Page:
10 Rappers Who Are Going to Blow Up in 2017
The next big rap star will come from Portland. Or New Jersey. Or St. Louis, Philadelphia, Baton Rouge, or Boston. Without a record deal, a nebulous “co-sign,” or a publicist, a teenager in Miami can have a hundred-thousand loyal fans, eager to buy merch and support a “movement,” whatever that may entail.
The reasons for this are manifold: the record industry is decentralized and weak, rap has become more socially acceptable and accessible, and recording music (and videos) has never been cheaper. Rap’s twinned messages of struggle and uplift have pan-cultural appeal, and, as a result, rap is increasingly ethnically and geographically diverse.
Our list of 10 Rappers Who Are Going to Blow Up in 2017 reflects these changes. Aminé, raised in Portland, is the son of Ethiopian immigrants (he even raps in Amharic on his newest single); Anik Khan’s parents are Bengali asylum-seekers who settled in Astoria, Queens; BIA is a Bostonite of Puerto Rican and Italian heritage; Nav, the mysterious Torontonian, is thought to be South Asian. These aren’t token inclusions–these are just the new faces in a multi-cultural genre.
Portland has verdant foliage, an extensive public transportation system, a temperate climate, and a history of embracing countercultural movements. The City of Roses is also overwhelmingly white. The list of influential bands from Portland is endless; the list of influential rappers from Portland is non-existent. Scratch that–it begins and ends with 22 year-old Aminé.
Aminé’s ascent to stardom has been rapid–he’s only released two mixtapes, Odyssey to Me and Calling Brio, and has already disowned the first. His hit, “Caroline,” a paean to a curvy paramour, earned him a spot on Billboard’s Hot 100 (currently #12 and rising!), a guest appearance on The Tonight Show, and a contract with Republic Records.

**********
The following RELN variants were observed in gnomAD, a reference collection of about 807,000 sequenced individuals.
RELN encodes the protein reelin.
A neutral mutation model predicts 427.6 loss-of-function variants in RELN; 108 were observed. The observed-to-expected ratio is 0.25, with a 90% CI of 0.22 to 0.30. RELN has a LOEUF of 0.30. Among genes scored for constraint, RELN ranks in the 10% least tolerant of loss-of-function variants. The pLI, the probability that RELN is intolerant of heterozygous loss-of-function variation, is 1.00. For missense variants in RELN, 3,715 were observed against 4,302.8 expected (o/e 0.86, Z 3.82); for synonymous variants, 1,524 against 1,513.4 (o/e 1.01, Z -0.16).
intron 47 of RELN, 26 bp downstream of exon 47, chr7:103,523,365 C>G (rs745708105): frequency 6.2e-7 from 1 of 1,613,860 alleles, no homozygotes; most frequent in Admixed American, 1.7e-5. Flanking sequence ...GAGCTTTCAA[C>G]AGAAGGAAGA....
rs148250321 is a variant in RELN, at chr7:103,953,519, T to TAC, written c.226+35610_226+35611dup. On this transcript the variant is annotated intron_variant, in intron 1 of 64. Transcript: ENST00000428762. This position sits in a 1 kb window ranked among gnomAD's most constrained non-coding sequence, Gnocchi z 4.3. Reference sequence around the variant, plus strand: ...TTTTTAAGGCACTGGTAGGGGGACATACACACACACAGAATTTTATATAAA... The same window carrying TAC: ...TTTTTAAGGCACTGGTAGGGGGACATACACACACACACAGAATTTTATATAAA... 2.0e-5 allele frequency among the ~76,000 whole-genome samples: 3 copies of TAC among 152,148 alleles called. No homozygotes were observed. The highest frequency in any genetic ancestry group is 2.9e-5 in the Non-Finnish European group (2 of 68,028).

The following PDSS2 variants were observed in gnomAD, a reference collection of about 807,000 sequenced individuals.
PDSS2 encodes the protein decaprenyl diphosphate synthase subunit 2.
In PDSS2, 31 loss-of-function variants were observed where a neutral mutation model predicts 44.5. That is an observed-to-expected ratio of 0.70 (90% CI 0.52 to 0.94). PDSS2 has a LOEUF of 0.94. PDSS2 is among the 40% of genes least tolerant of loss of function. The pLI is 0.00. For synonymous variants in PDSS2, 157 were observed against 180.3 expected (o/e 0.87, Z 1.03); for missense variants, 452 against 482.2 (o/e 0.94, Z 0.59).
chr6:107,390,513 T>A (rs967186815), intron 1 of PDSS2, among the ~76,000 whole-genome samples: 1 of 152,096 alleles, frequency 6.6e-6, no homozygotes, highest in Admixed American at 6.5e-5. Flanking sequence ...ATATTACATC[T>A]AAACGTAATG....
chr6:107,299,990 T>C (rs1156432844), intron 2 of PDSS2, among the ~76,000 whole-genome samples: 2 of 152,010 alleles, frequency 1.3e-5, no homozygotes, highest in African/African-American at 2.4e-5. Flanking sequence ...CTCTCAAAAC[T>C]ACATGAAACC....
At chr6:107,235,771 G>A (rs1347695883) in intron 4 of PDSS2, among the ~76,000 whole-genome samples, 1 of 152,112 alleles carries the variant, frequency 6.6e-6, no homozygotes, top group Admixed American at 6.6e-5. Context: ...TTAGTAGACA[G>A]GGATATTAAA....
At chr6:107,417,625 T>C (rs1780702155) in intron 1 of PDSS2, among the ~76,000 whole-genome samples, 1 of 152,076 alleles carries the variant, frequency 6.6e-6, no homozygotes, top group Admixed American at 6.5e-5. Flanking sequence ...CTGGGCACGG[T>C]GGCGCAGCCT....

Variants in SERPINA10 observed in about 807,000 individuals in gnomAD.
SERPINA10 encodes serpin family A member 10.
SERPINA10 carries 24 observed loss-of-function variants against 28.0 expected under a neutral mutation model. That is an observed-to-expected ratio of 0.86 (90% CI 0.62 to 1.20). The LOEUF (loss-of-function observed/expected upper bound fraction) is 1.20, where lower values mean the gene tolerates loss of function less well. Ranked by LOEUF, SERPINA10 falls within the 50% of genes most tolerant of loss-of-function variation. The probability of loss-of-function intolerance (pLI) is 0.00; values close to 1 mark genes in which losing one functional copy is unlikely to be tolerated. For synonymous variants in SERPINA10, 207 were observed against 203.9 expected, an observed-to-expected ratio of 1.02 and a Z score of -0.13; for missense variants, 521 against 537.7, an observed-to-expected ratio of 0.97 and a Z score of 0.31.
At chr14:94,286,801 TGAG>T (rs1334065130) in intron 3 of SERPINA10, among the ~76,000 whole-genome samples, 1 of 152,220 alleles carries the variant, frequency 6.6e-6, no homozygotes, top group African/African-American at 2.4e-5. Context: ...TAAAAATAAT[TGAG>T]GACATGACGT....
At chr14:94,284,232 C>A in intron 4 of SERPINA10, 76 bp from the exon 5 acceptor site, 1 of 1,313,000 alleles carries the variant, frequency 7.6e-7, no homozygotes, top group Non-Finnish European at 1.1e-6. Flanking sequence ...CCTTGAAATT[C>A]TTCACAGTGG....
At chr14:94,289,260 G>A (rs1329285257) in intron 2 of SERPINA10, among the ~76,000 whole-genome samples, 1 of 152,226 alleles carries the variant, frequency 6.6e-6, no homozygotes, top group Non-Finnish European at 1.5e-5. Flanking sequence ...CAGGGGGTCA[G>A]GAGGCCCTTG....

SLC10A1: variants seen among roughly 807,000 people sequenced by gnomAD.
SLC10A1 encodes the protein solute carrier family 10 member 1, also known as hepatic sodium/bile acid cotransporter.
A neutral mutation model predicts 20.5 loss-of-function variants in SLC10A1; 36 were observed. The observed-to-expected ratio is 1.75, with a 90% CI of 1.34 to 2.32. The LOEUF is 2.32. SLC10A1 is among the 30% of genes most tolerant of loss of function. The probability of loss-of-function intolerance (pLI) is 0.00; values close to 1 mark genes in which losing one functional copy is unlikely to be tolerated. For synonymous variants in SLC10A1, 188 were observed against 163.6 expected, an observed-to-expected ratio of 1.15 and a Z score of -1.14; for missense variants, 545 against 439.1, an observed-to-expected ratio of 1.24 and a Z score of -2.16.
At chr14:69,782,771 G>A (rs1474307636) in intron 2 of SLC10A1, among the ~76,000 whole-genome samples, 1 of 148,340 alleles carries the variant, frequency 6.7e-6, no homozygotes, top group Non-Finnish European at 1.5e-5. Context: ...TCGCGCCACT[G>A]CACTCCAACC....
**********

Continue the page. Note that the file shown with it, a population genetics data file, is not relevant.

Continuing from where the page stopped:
Russ is vertically integrated. The New Jersey-bred, Atlanta-residing artist performs, writes, produces, mixes, and masters every song, a formula that’s earned him a massive–if largely unseen–following. Before creating a Soundcloud account, he’d already released 11 mixtapes. The streaming platform further increased his visibility–his uploads (usually annotated by “Prod. Russ”) regularly reach a million plays and the YouTube comments for his videos are crammed with admiration for his top knot. With a legion of dedicated fans, heterochromatic eyes, and a melodic voice, the crooner-rapper appears to be a star-in-the-making. A deal with Columbia Records will surely push him over the top.
Anik Khan was born in Bangladesh to a poet father who, soon after Khan’s birth, was granted asylum in the United States; Khan was raised in public housing in Astoria, Queens. His music is an attempt to reconcile the music he’d hear in his neighborhood and the spoken-word kobita his father would perform at family gatherings. He raps with a New York accent, but his beat selection pays homage to the diversity of Queens–West African, Caribbean, Bengali, and beyond. Though he’s currently unsigned, Khan has found an ally in Ebro Darden, who premiered the rapper’s single “Renegade” on his Beats 1 radio show.
Smino’s from St. Louis, but his fledgling career began taking shape when he settled for the second time in the Windy City and met producer Monte Booker. Booker, a devout Timbaland fan, makes beats that pop and crunch; Smino, a devout Nelly fan, raps verses that contort and unfurl. On Smino’s most complete effort to-date, blkjptr (pronounced “black jupiter”), he and Booker combine for five-songs of pulsating, soulful rap. Though he signed with Interscope Records in August, Smino’s membership in collective Zero Fatigue is more meaningful–they’re his musical grounding, and the ethos by which he abides: no rest, no fatigue.